While Berdych favors a more straightforward, programmatic approach to the game, his quirky opponent often eschews the tennis textbook for spontaneity.  Only if his streaky serve stays steady, though, can Tipsarevic compensate for the Czech’s superior weight of shot from the baseline.  Against an opponent who can scramble with abandon, Berdych will want not only to stretch the court but to follow his forehands or even some serves to the net.  That strategy aided him in securing his first career victory over Tipsarevic in Paris.  Although it earned him less success against Djokovic on Monday, the Czech should remember that not all Serbs thread their passing shots so expertly.  Across the net, Tipsarevic should aim to redirect his groundstrokes, since Berdych becomes much less dangerous when he leans in the wrong direction or fails to set his feet properly.  In a match between two baseliners with generally similar styles, execution should prove more decisive than strategy.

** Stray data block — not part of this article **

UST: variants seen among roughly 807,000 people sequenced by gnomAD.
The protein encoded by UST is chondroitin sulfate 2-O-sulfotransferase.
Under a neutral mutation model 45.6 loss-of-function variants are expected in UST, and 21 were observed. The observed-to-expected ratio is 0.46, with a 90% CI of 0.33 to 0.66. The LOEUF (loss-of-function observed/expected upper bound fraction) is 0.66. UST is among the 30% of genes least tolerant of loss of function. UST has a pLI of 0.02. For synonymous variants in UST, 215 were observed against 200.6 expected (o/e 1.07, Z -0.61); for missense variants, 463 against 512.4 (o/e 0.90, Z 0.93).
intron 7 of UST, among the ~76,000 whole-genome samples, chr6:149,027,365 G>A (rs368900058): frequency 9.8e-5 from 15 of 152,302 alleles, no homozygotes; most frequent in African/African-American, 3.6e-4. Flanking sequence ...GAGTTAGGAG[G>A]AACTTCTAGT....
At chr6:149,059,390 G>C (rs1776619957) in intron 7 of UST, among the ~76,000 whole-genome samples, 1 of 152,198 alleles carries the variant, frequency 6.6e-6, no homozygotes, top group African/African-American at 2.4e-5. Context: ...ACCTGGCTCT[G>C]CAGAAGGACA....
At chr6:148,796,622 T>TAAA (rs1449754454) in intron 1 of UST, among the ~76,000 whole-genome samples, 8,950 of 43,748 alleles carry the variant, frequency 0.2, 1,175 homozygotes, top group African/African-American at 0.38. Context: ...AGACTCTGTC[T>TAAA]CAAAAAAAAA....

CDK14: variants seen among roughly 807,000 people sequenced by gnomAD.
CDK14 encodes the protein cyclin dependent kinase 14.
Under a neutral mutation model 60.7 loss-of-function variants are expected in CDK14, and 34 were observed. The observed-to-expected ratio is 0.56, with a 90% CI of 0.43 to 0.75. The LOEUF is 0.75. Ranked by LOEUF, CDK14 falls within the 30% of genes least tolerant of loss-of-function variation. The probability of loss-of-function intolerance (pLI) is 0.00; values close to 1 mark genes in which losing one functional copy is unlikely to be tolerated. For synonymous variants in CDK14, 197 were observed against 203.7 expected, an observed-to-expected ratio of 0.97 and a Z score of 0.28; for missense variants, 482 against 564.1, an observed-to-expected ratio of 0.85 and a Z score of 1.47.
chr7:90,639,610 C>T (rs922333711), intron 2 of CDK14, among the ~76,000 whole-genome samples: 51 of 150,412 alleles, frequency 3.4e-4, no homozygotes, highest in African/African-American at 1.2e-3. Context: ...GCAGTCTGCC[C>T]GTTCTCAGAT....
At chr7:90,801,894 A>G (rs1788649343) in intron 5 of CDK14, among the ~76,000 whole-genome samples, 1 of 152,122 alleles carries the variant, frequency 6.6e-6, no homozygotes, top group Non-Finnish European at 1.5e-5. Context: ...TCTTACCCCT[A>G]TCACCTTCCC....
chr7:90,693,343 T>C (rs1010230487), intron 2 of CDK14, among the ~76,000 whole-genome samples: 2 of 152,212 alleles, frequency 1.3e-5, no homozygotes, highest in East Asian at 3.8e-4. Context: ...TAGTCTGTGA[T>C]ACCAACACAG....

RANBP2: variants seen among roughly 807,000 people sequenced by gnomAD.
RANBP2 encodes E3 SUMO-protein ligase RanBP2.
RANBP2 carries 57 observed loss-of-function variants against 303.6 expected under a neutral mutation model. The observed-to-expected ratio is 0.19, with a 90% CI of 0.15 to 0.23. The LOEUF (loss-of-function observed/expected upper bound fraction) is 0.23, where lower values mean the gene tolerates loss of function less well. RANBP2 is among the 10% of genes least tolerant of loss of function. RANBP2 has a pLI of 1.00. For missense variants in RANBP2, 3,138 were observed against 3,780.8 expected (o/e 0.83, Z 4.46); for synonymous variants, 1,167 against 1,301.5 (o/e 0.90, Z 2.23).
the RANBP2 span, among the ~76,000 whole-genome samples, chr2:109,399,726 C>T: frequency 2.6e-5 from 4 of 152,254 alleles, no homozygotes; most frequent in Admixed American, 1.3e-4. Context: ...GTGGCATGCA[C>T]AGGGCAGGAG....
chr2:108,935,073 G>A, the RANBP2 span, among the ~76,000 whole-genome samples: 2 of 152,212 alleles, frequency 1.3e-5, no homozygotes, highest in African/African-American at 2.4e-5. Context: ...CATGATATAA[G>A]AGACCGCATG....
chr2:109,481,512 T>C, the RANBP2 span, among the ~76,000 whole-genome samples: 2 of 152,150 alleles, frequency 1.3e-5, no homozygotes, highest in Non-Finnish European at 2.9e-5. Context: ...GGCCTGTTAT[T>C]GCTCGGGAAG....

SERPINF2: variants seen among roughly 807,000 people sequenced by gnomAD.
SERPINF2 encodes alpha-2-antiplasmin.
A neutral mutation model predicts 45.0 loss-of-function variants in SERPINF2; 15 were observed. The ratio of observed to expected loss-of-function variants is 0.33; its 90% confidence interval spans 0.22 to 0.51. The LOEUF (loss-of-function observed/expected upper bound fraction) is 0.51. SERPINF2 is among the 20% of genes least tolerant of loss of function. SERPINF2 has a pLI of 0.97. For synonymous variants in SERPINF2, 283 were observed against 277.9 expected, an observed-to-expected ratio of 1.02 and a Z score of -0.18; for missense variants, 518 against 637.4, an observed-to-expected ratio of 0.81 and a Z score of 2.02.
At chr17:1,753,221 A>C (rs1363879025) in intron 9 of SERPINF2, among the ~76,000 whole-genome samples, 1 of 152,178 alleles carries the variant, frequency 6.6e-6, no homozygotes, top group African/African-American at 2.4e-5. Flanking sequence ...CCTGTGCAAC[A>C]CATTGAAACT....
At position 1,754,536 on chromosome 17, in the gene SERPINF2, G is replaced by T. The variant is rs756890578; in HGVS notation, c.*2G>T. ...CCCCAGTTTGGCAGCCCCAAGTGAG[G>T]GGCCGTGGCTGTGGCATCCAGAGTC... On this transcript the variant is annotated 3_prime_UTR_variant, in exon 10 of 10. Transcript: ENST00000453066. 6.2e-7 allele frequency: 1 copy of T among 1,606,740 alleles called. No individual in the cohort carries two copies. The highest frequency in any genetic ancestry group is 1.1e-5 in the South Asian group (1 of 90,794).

Djokovic vs. Ferrer:  Moping and seemingly resigned for much of his first London match, the world #1 proved how far he towers above most of his competition by defeating a top-eight opponent with (for him) a mediocre performance.  Much less explosive and much more erratic than for most of 2011, Djokovic won mostly by staying alert to prey upon his opponent’s nerves when they arose at the climactic tiebreak.  Two or three years ago, he probably would have lost this match in straight sets or when Berdych surged forward by a break in the third, but comebacks have grown routine for him in a year that has ranged from the implausible to the surreal.  With his most difficult match of the round-robin phase behind him, Djokovic likely will score the crucial second win over an obliging Tipsarevic on Friday.  Before then, though, the Serb faces the unexpected leader of a group that also once included  the recently scorching Murray.